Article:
C. Registered and Used in Bad Faith

Whether a domain name is registered and used in bad faith for purposes of the Policy may be determined by evaluating four (non-exhaustive) factors set forth in the Policy: (i) circumstances indicating that the registrant has registered or the registrant has acquired the domain name primarily for the purpose of selling, renting, or otherwise transferring the domain name registration to the complainant who is the owner of the trademark or service mark or to a competitor of that complainant, for valuable consideration in excess of the registrant’s documented out-of-pocket costs directly related to the domain name; or (ii) the registrant has registered the domain name in order to prevent the owner of the trademark or service mark from reflecting the mark in a corresponding domain name, provided that the registrant has engaged in a pattern of such conduct; or (iii) the registrant has registered the domain name primarily for the purpose of disrupting the business of a competitor; or (iv) by using the domain name, the registrant has intentionally attempted to attract, for commercial gain, Internet users to the registrant’s website or other online location, by creating a likelihood of confusion with the complainant's mark as to the source, sponsorship, affiliation, or endorsement of the registrant’s website or location or of a product or service on the registrant’s website or location. Policy, paragraph 4(b).

The Panel does not address the issue of whether the “smoking-related” website allegedly used by Respondent in connection with the domain names is evidence of bad faith, given the absence of any supporting documentation of same, whether website printouts or a declaration by Complainant. However, the Panel finds evidence of bad faith as a result of Respondent’s inconceivable legitimate use of the domain names given the longtime use of the MARLBORO trademarks and strength of its brand, see, e.g., Microsoft Corporation v. Superkay Worldwide, Inc., WIPO Case No. D2004-0071 (“it is not possible for the Respondent to have been unaware of the Complainant’s ‘MICROSOFT’ brand and associated trademarks prior to registering the Domain Name”); Respondent’s alleged offer to sell the domain names for a profit, see, e.g., Bank of Ireland Securities Services Limited v. David Boissonnault, WIPO Case No. D2004-0352 (“[a]lthough no specific amount of money was asked for the domain names at issue…, the purpose of the email [to Complainant] is apparently to offer the domain names for a consideration which exceeds the out-of-pocket registration costs”); and Respondent’s failure to provide complete contact information in the Whois record for either of the domain names. See, e.g., Wachovia Corporation v. Peter Carrington, WIPO Case No. D2002-0775.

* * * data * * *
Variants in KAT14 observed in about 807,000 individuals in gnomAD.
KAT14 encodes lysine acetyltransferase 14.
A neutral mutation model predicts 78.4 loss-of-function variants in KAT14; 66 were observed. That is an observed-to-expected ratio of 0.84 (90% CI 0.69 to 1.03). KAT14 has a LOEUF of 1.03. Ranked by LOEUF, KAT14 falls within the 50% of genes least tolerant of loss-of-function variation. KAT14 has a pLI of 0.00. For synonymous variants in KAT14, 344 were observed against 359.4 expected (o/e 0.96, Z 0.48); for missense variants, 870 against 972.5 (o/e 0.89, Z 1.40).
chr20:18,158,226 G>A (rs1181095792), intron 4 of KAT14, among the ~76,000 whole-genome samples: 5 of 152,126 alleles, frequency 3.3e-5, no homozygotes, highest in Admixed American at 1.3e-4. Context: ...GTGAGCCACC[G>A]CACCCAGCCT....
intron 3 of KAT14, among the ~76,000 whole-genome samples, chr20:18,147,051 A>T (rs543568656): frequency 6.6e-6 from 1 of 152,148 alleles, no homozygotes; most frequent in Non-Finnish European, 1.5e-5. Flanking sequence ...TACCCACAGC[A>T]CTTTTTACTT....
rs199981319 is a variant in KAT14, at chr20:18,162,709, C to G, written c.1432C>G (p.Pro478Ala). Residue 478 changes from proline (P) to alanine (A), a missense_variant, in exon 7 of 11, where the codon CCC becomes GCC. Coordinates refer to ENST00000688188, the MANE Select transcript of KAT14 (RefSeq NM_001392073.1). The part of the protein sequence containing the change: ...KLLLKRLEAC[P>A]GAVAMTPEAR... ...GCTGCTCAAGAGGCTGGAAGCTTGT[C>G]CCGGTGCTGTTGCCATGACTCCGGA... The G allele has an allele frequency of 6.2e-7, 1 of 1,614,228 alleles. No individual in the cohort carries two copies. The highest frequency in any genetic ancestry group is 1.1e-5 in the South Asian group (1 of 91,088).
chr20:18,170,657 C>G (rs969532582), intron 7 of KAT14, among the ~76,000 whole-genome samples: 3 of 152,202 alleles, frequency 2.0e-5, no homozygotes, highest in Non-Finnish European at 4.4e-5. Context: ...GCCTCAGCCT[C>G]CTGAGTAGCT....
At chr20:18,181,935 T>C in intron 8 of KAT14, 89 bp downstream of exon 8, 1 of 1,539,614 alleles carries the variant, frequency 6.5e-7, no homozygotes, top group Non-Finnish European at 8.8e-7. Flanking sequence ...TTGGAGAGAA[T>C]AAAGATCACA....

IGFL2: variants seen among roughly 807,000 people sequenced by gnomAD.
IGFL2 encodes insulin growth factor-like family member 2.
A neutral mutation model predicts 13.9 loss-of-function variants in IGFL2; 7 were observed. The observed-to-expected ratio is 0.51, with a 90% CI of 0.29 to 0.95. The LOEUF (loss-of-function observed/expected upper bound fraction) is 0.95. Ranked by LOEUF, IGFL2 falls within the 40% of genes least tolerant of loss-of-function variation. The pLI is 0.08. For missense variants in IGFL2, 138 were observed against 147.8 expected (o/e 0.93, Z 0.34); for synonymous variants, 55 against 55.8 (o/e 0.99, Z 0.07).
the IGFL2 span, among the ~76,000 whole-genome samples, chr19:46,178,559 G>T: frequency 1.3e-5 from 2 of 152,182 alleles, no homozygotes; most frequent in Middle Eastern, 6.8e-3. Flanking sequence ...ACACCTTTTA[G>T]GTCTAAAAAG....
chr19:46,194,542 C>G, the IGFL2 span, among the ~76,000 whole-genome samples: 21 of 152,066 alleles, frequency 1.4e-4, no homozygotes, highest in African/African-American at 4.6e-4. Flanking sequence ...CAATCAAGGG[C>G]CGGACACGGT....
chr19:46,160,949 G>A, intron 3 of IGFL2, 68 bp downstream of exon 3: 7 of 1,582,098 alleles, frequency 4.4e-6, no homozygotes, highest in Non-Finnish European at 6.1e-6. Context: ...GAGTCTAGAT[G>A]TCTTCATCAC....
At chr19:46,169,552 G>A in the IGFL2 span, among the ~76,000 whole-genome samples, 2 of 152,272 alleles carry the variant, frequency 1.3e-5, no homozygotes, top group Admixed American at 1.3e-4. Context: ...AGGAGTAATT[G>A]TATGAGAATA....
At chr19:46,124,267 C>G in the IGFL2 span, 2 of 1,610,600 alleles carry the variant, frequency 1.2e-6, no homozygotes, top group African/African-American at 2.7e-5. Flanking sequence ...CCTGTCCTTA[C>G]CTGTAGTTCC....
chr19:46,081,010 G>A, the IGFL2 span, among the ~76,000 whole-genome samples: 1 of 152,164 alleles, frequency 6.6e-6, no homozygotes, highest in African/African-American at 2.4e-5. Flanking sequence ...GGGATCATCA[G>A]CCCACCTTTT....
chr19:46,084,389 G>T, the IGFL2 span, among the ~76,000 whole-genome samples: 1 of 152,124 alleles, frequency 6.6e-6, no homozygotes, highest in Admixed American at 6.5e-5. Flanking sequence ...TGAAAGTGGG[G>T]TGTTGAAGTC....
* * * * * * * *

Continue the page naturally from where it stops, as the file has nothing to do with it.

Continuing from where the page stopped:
7. Decision

For all the foregoing reasons, in accordance with paragraphs 4(i) of the Policy and 15 of the Rules, the Panel orders that the domain names <mistermarlboro.com> and <mrmarlboro.com> be transferred to the Complainant.

Douglas M. Isenberg
Sole Panelist

Date: November 8, 2005

1 Each of the six trademark registration certificates lists an entity other than Philip Morris USA Inc. as the owner; however, the Panel conducted an online search of the U.S. Patent and Trademark Office’s Trademark Electronic Search System and independently confirmed that each of these six registrations has been assigned to Philip Morris USA Inc. – an important fact that could have been explained by Complainant.

2 Although the Panel has no reason to question Complainant’s recitation of this phone call, the Panel would have preferred that Complainant provide a declaration from counsel for Complainant who participated in this phone call. See Rules, paragraph 10(e).